By Steven Pressfield | Published: April 8, 2015
I’ve been working on a project that has a strong autobiographical component. One thing I’ve discovered is that you can’t tell the literal truth. The truth doesn’t work.
Instead I’ve had to fictionalize wildly. And the weird part is, the more extravagantly I fictionalize, the more like the truth it sounds.
I was born in a crossfire hurricane
And I howled at my Ma in the drivin’ rain
Are you working with material that’s “true” or largely true? Are the characters in your narrative “real” or close to real? Then you’re wrestling with the same problem I am.
What exactly is that problem?
The problem is that we’re trying to convey an emotional reality—the truth of how we felt or how our protagonist feels. And we’re running head-on into the inability of the literal truth to convey that reality.
When Mick Jagger wrote the lyrics to Jumpin’ Jack Flash, he was starting with the subjective experience of his (or the song’s hero’s) life, i.e. how that world felt from the inside. He understood that he couldn’t duplicate that subjective experience in the listener’s mind by reproducing the actual events that produced it for him …
I was born in a comfortable middle-class family
I was educated at the London School of Economics
How does Mick solve this problem? He creates in metaphor or fiction (i.e., stuff that didn’t literally happen) the story-facts that will produce in the listener’s mind the same subjective experience that the writer/protagonist felt in real life.
I was raised by a toothless, bearded hag
I was schooled with a strap right across my back
Consider another example. The “lost generation” of WWI returned from the horrors of trench warfare and the senseless slaughter of hundreds of thousands feeling soul-devastated, hollowed-out, emasculated. So Ernest Hemingway, seeking to replicate that subjective experience in his post-war masterpiece The Sun Also Rises, has his protagonist Jake Barnes literally emasculated. A war wound has left Jake in that state.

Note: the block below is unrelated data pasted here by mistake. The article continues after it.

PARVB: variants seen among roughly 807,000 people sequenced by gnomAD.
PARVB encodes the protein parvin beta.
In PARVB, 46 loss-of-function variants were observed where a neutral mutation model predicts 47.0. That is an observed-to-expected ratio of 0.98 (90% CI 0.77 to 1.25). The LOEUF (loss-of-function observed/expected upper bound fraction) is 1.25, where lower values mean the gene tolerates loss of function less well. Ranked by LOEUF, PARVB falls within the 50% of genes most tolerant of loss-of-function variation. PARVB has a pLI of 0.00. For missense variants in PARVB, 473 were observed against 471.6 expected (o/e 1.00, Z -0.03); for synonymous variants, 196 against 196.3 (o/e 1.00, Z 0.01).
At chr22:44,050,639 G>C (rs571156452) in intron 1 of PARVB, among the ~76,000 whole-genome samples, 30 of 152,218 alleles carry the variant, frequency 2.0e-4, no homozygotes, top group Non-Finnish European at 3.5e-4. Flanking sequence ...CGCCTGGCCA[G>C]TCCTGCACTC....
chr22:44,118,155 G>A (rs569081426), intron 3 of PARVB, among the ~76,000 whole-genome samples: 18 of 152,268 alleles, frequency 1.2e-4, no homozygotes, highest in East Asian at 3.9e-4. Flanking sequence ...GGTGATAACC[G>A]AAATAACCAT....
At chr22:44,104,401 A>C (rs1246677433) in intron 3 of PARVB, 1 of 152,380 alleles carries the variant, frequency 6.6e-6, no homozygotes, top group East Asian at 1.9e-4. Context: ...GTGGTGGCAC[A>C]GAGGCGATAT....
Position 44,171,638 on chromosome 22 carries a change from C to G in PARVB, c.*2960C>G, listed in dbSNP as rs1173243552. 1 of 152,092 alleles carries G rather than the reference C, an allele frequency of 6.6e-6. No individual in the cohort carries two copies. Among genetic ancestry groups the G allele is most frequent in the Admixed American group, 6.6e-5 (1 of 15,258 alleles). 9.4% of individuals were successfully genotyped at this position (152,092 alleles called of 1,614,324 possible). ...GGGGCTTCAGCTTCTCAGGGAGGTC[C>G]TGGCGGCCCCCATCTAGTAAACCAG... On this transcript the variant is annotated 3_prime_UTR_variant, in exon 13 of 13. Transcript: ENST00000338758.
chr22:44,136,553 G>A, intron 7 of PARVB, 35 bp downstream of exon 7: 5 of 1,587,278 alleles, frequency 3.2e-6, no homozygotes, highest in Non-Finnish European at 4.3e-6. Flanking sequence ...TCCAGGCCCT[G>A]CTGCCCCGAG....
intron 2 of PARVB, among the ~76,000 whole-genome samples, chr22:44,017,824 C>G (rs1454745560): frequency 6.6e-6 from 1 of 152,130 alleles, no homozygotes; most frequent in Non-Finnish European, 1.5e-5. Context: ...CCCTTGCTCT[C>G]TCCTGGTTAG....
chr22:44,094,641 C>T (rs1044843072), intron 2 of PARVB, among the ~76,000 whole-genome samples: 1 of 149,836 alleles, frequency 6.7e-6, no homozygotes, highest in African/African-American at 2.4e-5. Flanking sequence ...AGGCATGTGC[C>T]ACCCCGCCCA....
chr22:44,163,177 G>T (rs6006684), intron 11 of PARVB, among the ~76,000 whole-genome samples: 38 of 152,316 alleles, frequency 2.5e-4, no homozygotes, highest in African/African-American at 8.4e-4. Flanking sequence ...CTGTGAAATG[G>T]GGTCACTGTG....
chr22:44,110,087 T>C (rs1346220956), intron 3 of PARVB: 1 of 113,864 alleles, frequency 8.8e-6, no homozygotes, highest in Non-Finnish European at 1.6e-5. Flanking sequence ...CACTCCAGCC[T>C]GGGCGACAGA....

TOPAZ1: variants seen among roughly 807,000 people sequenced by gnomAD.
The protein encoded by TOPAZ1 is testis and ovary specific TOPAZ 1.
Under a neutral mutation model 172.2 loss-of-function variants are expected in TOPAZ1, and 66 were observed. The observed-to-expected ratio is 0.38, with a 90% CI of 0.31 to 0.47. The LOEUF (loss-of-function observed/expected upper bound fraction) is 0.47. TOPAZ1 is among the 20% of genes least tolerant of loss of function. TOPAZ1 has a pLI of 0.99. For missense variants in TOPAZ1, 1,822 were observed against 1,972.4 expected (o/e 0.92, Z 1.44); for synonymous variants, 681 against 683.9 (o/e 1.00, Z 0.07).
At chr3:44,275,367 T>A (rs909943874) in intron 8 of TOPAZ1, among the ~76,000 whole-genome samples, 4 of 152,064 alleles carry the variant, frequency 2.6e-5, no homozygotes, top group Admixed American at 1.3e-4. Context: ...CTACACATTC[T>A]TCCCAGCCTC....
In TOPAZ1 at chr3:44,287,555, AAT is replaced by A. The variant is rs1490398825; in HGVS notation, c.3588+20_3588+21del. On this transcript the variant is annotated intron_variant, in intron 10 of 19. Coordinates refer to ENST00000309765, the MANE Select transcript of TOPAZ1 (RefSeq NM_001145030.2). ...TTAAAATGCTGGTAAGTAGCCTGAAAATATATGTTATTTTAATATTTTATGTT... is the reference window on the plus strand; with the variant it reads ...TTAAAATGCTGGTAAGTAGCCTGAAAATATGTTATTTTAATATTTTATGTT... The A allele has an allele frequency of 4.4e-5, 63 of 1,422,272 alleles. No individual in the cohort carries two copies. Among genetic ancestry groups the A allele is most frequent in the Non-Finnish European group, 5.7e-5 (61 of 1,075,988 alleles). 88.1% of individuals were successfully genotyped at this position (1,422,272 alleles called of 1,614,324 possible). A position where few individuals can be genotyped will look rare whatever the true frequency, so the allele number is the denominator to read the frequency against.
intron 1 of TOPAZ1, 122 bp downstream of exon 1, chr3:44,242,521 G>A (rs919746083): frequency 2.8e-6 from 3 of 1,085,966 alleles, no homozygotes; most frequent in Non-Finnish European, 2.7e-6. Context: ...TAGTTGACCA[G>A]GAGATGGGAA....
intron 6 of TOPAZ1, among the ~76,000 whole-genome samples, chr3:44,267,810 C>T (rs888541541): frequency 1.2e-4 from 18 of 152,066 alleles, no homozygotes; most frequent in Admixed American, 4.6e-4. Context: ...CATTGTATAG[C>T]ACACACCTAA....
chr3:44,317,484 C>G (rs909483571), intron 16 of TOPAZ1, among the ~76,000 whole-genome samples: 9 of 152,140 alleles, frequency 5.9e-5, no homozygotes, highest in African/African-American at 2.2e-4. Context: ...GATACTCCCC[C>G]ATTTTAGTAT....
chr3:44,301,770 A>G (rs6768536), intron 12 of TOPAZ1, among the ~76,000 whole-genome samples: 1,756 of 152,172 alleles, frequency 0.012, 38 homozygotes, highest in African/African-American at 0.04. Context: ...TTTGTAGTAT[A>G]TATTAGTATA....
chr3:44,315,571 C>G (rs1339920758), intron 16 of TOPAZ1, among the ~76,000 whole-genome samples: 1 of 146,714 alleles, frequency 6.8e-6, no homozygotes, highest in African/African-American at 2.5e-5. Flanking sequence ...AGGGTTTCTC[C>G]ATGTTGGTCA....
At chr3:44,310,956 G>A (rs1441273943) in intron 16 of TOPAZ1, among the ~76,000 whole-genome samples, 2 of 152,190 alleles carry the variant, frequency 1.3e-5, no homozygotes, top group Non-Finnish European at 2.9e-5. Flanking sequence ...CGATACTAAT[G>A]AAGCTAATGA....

But Hemingway doesn’t stop with the wound itself. He demonstrates the agony that this maiming produces in his protagonist. When we meet Jake, he is already in love with Lady Brett Ashley, a beautiful, charismatic woman who seems in many ways to be Jake’s soulmate. Worse, Brett is in love with Jake. Jake’s wound is thus a source of torment for both of them. Then, to twist the knife even deeper, Hemingway has Brett engage in a series of meaningless affairs before Jake’s eyes—and compels Jake to endure them, knowing not only that there’s nothing he can do to lessen the pain but also that his wound is at least partially the source of Brett’s recklessness and despair.
In other words, the subjective experience Hemingway is trying to convey to the reader—the soul-devastation and spiritual impotence of the generation ruined by WWI—is made objective and “real” by the fictional reality he has created for his protagonist.
Mick Jagger and Keith Richards may have had wonderful Mums who loved them dearly and never failed to provide a bowl of hot porridge before packing them off to grammar school. But maybe it didn’t feel that way to Mick and Keith, or, if they were writing not so much about themselves as about mates from their generation, maybe they reckoned that the years of post-WWII, post-Empire England had scarred their generation as much the First World War had devastated Hemingway’s.
I was drowned, I was washed up and left for dead
I fell down to my feet and I saw they bled
I frowned at the crumbs of a crust of bread
Yeah, yeah, yeah
I was crowned with a spike right through my head
Sometimes “fact” is not enough. The reproduction of literal truth often does not produce in the reader the emotion we as artists are hoping to produce. We have to beef it up. We have to find the metaphor and then present that metaphor as real.
Oedipus doesn’t just want to sleep with his mother; he literally does it. He even marries her. Nor does he only fantasize about killing his father; his hand grasps the sword that literally takes the king’s life.
The moral for me, as I work, is “Don’t be afraid to open up the jet pack.”
I’m famous, the girls all love me
I’m making tons of money and having lots of fun
ain’t quite the same as
I’m Jumping Jack Flash
It’s a gas, gas, gas!